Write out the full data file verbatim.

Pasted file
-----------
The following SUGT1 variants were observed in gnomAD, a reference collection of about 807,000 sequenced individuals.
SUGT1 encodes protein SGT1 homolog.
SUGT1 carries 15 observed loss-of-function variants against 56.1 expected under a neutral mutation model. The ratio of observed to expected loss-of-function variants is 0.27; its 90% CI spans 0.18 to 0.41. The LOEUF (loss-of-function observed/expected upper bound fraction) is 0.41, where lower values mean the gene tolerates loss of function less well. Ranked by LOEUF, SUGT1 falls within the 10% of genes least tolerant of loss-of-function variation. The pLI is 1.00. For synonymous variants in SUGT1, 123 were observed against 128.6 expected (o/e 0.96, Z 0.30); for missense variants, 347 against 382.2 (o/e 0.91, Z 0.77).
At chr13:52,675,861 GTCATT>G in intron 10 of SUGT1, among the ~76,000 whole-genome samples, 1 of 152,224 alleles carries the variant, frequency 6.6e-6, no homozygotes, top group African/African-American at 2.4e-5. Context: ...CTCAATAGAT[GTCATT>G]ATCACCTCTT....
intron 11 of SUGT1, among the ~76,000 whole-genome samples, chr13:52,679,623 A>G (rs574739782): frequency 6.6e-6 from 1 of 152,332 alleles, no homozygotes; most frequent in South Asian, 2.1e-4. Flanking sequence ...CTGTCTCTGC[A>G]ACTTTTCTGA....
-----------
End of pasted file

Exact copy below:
The following SUGT1 variants were observed in gnomAD, a reference collection of about 807,000 sequenced individuals.
SUGT1 encodes protein SGT1 homolog.
SUGT1 carries 15 observed loss-of-function variants against 56.1 expected under a neutral mutation model. The ratio of observed to expected loss-of-function variants is 0.27; its 90% CI spans 0.18 to 0.41. The LOEUF (loss-of-function observed/expected upper bound fraction) is 0.41, where lower values mean the gene tolerates loss of function less well. Ranked by LOEUF, SUGT1 falls within the 10% of genes least tolerant of loss-of-function variation. The pLI is 1.00. For synonymous variants in SUGT1, 123 were observed against 128.6 expected (o/e 0.96, Z 0.30); for missense variants, 347 against 382.2 (o/e 0.91, Z 0.77).
At chr13:52,675,861 GTCATT>G in intron 10 of SUGT1, among the ~76,000 whole-genome samples, 1 of 152,224 alleles carries the variant, frequency 6.6e-6, no homozygotes, top group African/African-American at 2.4e-5. Context: ...CTCAATAGAT[GTCATT>G]ATCACCTCTT....
intron 11 of SUGT1, among the ~76,000 whole-genome samples, chr13:52,679,623 A>G (rs574739782): frequency 6.6e-6 from 1 of 152,332 alleles, no homozygotes; most frequent in South Asian, 2.1e-4. Flanking sequence ...CTGTCTCTGC[A>G]ACTTTTCTGA....